Zeus and Io - Books 1 and 2
Copyright 2012,2013 by Harry Carton
We were sleeping in the camper. Crowded as it was, it was still big enough for two people and all their 'necessary' stuff, if they had access to Navajo Pete's house to live in during the daylight hours.
All day, every day, we were gone: appointments with an architect (an Apache who worked out of Gallup) to discuss the house, meetings with engineers, a different architect from Denver about the computer installation, and meetings with site prep people from the wind and solar installation companies. That's not even mentioning 'how's it going' meetings with people from the Navajo Nation, and discussions about the scholarships.
I was going nuts. I was not a 'meetings' kind of guy. Arti, on the other hand, seemed to be having a fine old time.
'Ms Lenti' had arranged for the underground site for the server farm to be evaluated, and plans were being readied. We were going to generate electricity from the enormous heat created by the computers, by running it through some kind of complicated generator. It was a double win: we'd get rid of the heat, and convert it into electricity which we would then use. There was a lot of wasted energy, of course, in running the equipment; but it was basically free electricity, and we wouldn't have to air condition the site. Of course, we'd use the normal electric grid for most of our power needs ... at least until Navajo Renewable Power was up and running.
I say 'we, ' but of course, I had nothing to do with it. Io came up with the plans and talked to a 'green' architect firm from Denver. They had contacts with a 'green' electrical engineer, and so on. I didn't know it was 'Saint Paddy's Day' already. All I knew was that it was going to be among the first of its kind, and we were going to get written up in one of the EE journals.
Another thing I had nothing to do with was the power station. Boris Astro turned out to be a whiz at coming up with ideas for the plant. He wanted solar collectors on the ground, underneath where wind generators were running. Why didn't anybody else think of doing that? Maybe there was some economic reason not to do it, but it probably was because the wind generator companies weren't doing solar power, and vice versa. They were going to be on a bluff near one of the canyons, acres and acres of wind and solar generating stations. Not too much in the way of animals up that high: rodents eating bugs, coyotes and foxes eating rodents, larger cats eating coyotes, and that was about it. There wasn't enough vegetation to support the larger browsing animals.
The hard part seemed to be getting the power to the People. Hmm. Power to the People. Catchy phrase, but I digress.
The windmills were easy, and not as effective, from what I could gather. The windmills almost directly made electricity. From there on, it's a question of cables, wires, batteries, more wires, and eventually light bulbs in your house.
For the solar power, it wouldn't be as easy, but it was going to be more efficient. What they were going to do was beam the photons around using fiber optic cables; concentrate them all, at some point, and convert the photons to electrons; then it'd be cables, batteries and eventually light bulbs. Io assured Arti and me that, although the 'convert photons to electrons' part was not now available at cost effective levels, it would be by the time everything was built. Most likely, that would be next spring.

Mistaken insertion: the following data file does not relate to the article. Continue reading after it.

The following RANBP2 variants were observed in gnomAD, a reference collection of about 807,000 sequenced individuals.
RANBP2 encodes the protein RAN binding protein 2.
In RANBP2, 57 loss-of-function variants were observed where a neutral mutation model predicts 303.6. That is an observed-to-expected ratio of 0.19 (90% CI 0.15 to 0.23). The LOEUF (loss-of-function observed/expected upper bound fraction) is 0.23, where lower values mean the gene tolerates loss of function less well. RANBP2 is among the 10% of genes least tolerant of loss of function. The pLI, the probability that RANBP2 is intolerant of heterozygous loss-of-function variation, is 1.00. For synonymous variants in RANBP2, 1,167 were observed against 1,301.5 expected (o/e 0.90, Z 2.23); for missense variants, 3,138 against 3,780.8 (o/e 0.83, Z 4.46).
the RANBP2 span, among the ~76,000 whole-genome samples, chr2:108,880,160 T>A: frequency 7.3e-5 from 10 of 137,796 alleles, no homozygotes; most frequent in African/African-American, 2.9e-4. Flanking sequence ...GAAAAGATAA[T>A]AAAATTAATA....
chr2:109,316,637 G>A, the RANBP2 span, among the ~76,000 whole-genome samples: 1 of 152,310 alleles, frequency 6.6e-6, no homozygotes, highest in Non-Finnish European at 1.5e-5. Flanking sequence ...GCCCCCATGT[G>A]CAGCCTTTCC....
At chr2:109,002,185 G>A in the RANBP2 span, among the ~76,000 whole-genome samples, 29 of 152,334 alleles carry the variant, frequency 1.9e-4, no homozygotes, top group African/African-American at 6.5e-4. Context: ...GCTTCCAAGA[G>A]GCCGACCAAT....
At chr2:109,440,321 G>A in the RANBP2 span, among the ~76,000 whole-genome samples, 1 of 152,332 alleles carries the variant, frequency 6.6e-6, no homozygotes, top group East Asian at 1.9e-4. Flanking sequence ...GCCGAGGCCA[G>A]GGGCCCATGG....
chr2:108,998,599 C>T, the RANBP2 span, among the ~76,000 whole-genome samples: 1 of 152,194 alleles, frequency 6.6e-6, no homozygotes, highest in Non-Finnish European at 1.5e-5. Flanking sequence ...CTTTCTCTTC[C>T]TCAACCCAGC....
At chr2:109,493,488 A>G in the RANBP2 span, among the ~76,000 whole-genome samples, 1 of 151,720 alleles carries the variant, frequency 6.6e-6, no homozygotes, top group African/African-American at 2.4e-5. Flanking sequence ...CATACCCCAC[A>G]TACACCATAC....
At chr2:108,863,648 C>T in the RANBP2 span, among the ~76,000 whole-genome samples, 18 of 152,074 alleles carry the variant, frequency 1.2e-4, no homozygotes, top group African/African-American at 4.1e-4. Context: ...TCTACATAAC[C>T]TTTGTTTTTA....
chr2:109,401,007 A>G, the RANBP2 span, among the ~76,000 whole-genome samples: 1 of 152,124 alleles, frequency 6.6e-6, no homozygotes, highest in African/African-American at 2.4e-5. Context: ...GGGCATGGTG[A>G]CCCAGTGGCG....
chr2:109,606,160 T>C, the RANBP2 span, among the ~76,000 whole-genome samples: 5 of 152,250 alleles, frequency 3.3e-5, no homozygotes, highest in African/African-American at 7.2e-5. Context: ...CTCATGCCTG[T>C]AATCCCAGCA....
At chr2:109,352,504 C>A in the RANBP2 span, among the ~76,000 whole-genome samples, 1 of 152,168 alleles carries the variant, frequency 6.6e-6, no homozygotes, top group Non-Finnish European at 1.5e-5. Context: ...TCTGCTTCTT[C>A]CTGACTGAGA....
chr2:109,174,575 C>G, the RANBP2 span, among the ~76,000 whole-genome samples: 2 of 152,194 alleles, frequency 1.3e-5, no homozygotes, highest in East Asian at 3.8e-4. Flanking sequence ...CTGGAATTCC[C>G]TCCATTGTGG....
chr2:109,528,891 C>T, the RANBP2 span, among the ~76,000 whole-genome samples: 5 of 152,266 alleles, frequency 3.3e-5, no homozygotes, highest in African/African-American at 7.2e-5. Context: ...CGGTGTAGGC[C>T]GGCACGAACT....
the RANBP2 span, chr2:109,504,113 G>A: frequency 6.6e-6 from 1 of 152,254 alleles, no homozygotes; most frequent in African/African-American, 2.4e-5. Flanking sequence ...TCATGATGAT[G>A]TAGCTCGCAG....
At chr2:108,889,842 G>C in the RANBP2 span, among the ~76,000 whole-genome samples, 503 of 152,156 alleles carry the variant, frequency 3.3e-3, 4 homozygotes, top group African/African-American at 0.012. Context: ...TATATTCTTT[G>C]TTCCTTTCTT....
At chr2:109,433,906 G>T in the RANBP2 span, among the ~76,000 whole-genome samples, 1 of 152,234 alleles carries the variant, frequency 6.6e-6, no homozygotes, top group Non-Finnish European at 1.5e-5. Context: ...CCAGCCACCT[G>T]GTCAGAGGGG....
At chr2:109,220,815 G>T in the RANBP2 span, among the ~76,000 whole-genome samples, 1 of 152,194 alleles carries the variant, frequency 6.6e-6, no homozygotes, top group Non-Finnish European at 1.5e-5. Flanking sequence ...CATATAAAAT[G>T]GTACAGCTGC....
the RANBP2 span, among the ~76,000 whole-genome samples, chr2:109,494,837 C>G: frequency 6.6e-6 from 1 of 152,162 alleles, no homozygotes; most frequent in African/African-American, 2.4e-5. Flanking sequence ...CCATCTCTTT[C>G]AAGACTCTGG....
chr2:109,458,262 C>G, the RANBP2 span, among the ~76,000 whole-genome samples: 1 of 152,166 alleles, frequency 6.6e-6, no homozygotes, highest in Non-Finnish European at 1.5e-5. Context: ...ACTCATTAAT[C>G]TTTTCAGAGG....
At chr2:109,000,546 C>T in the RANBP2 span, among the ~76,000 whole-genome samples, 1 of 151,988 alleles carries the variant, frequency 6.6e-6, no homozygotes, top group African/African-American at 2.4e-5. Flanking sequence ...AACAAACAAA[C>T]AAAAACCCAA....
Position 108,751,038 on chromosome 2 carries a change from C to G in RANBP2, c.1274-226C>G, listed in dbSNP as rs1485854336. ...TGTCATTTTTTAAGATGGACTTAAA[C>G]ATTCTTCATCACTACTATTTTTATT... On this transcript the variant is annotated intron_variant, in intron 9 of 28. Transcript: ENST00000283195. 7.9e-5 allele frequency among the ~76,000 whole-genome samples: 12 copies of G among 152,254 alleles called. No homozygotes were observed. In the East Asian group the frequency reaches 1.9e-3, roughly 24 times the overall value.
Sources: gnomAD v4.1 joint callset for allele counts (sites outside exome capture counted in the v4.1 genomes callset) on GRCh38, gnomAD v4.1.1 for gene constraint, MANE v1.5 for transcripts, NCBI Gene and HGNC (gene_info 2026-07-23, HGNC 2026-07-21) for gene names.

The house plans were coming along. There was one point, however. One afternoon, at lunch, Arti raised an issue that I had considered briefly and put out of mind. 'Out of mind' being the key phrase, as in 'she was out of her mind.'
"Zeus," she said, "how many bedrooms are we going to have?"
Sounds like an innocuous question, right? Wrong!
"Couple of spares for when we have unexpected guests. Yours. Mine. That makes four. I think that ought to do it."
"What about live-in staff? Suppose we want to have a care-taker when we're away?" she asked casually, but I had the feeling that this conversation was carefully scripted ... by her.
"Okay. How about an apartment over the garage? That's pretty standard, from what I see on the TV dramas," I answered.
"And," she went on, as if I hadn't answered at all, "I was thinking of just the one master suite, with maybe an unused bedroom nearby for when we expand."
"Yes, indeed: 'Uh oh.' I knew this was coming!" said the voice in my head.
What do you mean, 'You knew this was coming.' Why didn't you tell me? I answered.
"Not like that. Just ... I knew. Like man-woman knowledge," he said. "And you did too, if you're honest about it. She gave you plenty of warning. And she's been wearing the clothes you said you liked, not her goth look. That's not by accident."
So what should I do now? I asked in exasperation.
"It's your life, not 'ours.' Do what you want."
She had that patient look on her face.
"Did you and Martinez thrash out an answer yet?"
"What? Oh, well. Um. No. He said I should do what I want."
"And that is... ?" she calmly asked.
"Look, Arti. We've only known each other for about two months. Moving into the same house is pushing things don't you think? Let alone moving into the same bedroom." That sounded reasonable to me.
"No. I don't think that's rushing things at all. The house isn't even built yet. That'll take months. I mean ... what do we gain by waiting? We've been through an awful lot in just two months. We've done things together that defy description. You're the kind of man I want ... There. I've said it out loud. You are The. One. For. Me. I want to get started sooner, rather than later."